Fortran pros and cons (was Re: Coding style article with interesting section on white space)

beliavsky at aol.com beliavsky at aol.com
Sun Jan 30 23:40:32 CET 2005


Michael Tobis wrote:

> > Fortran programmers are generally happy with the portability of the
> > language.
>
> Until they try to port something...? Honestly, I can't imagine where
> anyone would get this impression.

>From the fact that Fortran has been used on hundreds of platforms and
that many portable libraries like LAPACK exist. Fortran 90+ allows one
to write even more portable code using the KIND mechanism and the
selected_int_kind and selected_real_kind functions, which let you
specify the ranges of basic data types.

> Now, about the terseness and expressiveness?

Fortran 90/95 is more expressive than Fortran 77 in many ways, as
described in (for example) pages 7-8 of the essay "Numerical Recipes:
Does This Paradigm Have a Future?", available at
http://www.nr.com/CiP97.pdf . Quoting that paper:

"This, for us, was the revelation of parallel programming in Fortran
90.
The use of parallel and higher-level constructions -- wholly
independently of whether they are executed on tomorrow's parallel
machines or today's ordinary workstations -- expresses more science per
line of code and per programming workday. Based on our own experience,
we think that productivity, or achievable complexity of project, is
increased a factor of 2 or 3 in going from Fortran 77 to Fortran 90 --
if one makes the investment of mastering Fortran 90's higher level
constructs."

> > For scientific computation, consider the case of Numeric
> > and Numarray.
>
> I'm not happy with these, because they either make temporary arrays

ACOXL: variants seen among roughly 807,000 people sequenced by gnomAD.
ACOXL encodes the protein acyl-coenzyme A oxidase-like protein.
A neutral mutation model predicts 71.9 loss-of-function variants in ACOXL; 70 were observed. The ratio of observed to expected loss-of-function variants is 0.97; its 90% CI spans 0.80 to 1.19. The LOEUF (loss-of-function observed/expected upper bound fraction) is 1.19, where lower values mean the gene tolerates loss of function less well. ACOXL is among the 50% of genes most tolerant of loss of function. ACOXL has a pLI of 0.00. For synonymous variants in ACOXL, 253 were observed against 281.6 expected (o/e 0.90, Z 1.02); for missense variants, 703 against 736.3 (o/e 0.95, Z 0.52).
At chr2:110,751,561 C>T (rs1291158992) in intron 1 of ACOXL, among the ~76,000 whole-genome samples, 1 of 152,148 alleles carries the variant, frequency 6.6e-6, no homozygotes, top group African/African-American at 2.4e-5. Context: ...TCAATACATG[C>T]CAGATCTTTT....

> with wild abandon

Some early Fortran 90 compilers did this but have improved
significantly in this respect.

> or enforce an unnatural style of expression.

I wonder what this means.

<snip>

> I do not suggest that Python is currently competitive with C++ or
> Fortran. I simply agree with
> http://www.fortranstatement.com that something new ought to be
> designed, that a backward compatible Fortran2003 cannot possibly be
it,
> and that attention to fortran diverts resources from [the sort] of
> genuine progress that ought to be possible.

You have not given specifics about what "genuine progress" in a
scientific programming language would be.

<snip>

> Performance portability has nothing to do with what I'm talking
about.
>
> The answer belies the attitude that programmers are there to put in
> time and expend effort, because the only resource worth considering
is
> production cycles on a big machine.

Nonsense. Fortran was originally created to make PROGRAMMERS more
efficient by letting them code algebraic expressions instead of machine
code.

> This attitude explains why working with Fortran is so unpleasant an
> experience for anyone who has been exposed to other languages.

"Anyone"? Since I have been exposed to Python and C++ and still find
Fortran 90+ enjoyable, your statement is demonstrably false. Have you
ever used a version of Fortran past F77? The free Fortran 95 compiler
called g95 http://www.g95.org is available.

<snip>

> Getting a python package working usually amounts to an install
command
> to the OS and an import command to the interpreter. Then you can get
> down to work. Getting a Fortran package working involves not only an
> endless dance with obscure compiler flags and library links, but then
a
> set of workarounds for codes that produce expected results on one
> compiler and compile failures or even different results on another.

If one writes standard-conforming code it does not. At least with
Fortran one has multiple independent implementations of an ISO
standardized language, about 10 each on Intel Windows or Linux, and 4
for Mac OS X. Links are at
http://dmoz.org/Computers/Programming/Languages/Fortran/Compilers/ . If
one Fortran compiler leaks memory when multiplying matrices, one can
use another. If Python Numarray does, the only alternative I know of is
Numeric, which is no longer supported according to
http://www.pfdubois.com/numpy/ . I have found it extremely useful to
work with multiple compilers and compiler options. A good compiler such
as Lahey/Fujitsu has debugging options that aid programmer productivity
by finding bugs, both at compile and run time, at some cost in speed. I
gave a few examples in a previous thread. The existence of such
compilers refutes your assertion that Fortran programmers think only
machine time is important.




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